Introduction: We evaluated an intervention program for Mexican-American women to increase Pap smear and mammography screening.
Methods: The three-year intervention included the presentation of role models in the media and reinforcement by peer volunteers. We used a two-community (intervention and comparison) pre-post test design. Activities were targeted to a mainly Spanish-speaking, poverty-level, immigrant population. Pre- and postintervention screening rates were based on independent random samples of Mexican-American women 40 years and older.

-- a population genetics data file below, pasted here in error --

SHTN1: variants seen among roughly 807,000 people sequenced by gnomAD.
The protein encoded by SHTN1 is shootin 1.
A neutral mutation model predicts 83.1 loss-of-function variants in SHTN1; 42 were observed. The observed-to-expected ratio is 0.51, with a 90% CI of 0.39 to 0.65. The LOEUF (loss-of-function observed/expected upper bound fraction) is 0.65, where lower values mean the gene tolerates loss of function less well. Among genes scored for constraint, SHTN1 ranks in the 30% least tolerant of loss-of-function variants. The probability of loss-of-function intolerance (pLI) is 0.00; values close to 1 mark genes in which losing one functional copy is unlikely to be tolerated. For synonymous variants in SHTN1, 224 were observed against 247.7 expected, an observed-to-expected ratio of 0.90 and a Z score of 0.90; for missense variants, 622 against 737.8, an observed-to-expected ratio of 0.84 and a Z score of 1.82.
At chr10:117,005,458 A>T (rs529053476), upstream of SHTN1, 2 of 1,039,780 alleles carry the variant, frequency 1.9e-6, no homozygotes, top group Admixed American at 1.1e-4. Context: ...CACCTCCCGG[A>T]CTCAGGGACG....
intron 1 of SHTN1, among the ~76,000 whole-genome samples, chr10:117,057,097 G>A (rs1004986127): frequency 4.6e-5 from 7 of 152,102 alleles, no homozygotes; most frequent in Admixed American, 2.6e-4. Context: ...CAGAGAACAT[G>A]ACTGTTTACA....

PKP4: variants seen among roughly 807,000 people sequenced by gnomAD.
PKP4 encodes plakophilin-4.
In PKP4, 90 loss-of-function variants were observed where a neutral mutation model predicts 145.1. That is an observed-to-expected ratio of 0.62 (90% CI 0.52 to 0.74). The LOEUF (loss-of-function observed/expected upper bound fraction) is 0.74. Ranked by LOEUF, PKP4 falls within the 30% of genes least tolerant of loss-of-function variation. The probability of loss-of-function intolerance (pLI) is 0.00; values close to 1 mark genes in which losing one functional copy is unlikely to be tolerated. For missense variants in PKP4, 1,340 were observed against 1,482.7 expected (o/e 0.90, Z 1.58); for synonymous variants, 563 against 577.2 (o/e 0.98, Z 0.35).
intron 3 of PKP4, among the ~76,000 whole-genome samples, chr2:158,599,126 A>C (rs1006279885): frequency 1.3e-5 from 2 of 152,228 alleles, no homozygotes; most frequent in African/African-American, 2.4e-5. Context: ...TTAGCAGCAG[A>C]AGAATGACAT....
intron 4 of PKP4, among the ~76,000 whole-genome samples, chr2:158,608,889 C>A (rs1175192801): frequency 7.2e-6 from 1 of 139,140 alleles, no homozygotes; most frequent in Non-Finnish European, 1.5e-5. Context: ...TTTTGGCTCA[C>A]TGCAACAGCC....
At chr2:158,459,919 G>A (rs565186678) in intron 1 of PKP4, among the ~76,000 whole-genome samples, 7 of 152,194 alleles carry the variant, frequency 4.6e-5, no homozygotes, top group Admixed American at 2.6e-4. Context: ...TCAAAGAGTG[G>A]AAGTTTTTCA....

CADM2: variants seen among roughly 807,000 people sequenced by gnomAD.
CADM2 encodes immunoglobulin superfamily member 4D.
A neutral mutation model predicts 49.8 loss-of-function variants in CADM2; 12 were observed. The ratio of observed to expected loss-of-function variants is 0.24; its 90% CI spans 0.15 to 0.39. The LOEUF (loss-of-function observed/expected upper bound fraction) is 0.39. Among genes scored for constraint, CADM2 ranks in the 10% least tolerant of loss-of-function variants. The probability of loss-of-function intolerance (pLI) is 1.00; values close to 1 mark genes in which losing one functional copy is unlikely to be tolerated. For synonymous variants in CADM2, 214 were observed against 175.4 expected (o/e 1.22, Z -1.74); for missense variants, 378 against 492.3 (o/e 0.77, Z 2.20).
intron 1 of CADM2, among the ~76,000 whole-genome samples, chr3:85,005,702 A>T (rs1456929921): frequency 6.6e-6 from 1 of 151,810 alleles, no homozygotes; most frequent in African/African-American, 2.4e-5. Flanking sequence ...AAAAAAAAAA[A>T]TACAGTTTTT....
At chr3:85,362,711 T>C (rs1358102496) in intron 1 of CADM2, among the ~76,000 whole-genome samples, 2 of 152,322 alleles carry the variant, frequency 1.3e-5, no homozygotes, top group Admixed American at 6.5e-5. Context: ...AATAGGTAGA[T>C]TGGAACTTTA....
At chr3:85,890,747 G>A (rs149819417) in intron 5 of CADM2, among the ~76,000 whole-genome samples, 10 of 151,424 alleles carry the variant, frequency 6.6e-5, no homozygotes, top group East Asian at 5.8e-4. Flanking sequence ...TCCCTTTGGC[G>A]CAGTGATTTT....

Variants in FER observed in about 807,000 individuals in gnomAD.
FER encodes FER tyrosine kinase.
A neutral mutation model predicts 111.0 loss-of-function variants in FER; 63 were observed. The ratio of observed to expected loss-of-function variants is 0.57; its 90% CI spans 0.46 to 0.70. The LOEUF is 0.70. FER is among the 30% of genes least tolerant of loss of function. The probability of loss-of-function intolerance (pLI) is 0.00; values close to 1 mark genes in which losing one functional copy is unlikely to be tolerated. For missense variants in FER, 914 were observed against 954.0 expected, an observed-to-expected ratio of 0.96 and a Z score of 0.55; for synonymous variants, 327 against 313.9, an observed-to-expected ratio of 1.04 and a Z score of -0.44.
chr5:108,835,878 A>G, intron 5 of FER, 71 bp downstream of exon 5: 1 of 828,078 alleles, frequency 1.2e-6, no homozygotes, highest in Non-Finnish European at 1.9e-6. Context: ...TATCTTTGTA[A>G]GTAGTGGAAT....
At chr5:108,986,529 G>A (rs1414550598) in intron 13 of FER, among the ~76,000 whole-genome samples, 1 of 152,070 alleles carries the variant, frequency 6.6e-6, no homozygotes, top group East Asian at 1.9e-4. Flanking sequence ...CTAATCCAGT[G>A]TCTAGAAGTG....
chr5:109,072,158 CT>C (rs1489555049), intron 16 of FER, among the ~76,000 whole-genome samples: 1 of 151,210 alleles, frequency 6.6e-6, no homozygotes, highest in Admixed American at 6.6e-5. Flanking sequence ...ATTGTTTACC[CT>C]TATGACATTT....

Results: Women reported a 6% absolute increase in Pap smear use similar to the 7% increase in the comparison community. Both communities experienced large but similar increases in recent mammography use (17% and 19%). Adjusting for differences in demographic factors, intervention and comparison changes remained identical.
Conclusions: Our peer intervention failed to accelerate the secular trend in cancer screening low-income Mexican-American women. Likely, promotional activities were too diffuse and the comparison community was contaminated with similar interventions. Strong social and market forces make it difficult to measure the effect of a specialized intervention on cancer screening rates.